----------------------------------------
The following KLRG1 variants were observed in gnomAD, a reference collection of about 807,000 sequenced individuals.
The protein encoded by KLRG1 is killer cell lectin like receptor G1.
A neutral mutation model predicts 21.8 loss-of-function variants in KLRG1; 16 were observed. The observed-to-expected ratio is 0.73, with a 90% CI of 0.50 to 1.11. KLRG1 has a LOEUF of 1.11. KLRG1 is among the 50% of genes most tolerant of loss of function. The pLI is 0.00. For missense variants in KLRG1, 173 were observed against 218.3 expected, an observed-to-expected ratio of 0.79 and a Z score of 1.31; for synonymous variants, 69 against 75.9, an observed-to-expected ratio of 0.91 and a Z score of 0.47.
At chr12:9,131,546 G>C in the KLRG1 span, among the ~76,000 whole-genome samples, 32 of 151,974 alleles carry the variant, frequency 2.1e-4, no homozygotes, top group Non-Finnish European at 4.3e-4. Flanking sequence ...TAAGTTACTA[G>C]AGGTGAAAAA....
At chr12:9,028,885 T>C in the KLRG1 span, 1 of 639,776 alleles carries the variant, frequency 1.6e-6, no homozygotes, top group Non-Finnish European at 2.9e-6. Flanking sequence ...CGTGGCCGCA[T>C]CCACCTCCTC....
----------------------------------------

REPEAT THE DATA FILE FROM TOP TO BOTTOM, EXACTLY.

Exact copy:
The following KLRG1 variants were observed in gnomAD, a reference collection of about 807,000 sequenced individuals.
The protein encoded by KLRG1 is killer cell lectin like receptor G1.
A neutral mutation model predicts 21.8 loss-of-function variants in KLRG1; 16 were observed. The observed-to-expected ratio is 0.73, with a 90% CI of 0.50 to 1.11. KLRG1 has a LOEUF of 1.11. KLRG1 is among the 50% of genes most tolerant of loss of function. The pLI is 0.00. For missense variants in KLRG1, 173 were observed against 218.3 expected, an observed-to-expected ratio of 0.79 and a Z score of 1.31; for synonymous variants, 69 against 75.9, an observed-to-expected ratio of 0.91 and a Z score of 0.47.
At chr12:9,131,546 G>C in the KLRG1 span, among the ~76,000 whole-genome samples, 32 of 151,974 alleles carry the variant, frequency 2.1e-4, no homozygotes, top group Non-Finnish European at 4.3e-4. Flanking sequence ...TAAGTTACTA[G>C]AGGTGAAAAA....
At chr12:9,028,885 T>C in the KLRG1 span, 1 of 639,776 alleles carries the variant, frequency 1.6e-6, no homozygotes, top group Non-Finnish European at 2.9e-6. Flanking sequence ...CGTGGCCGCA[T>C]CCACCTCCTC....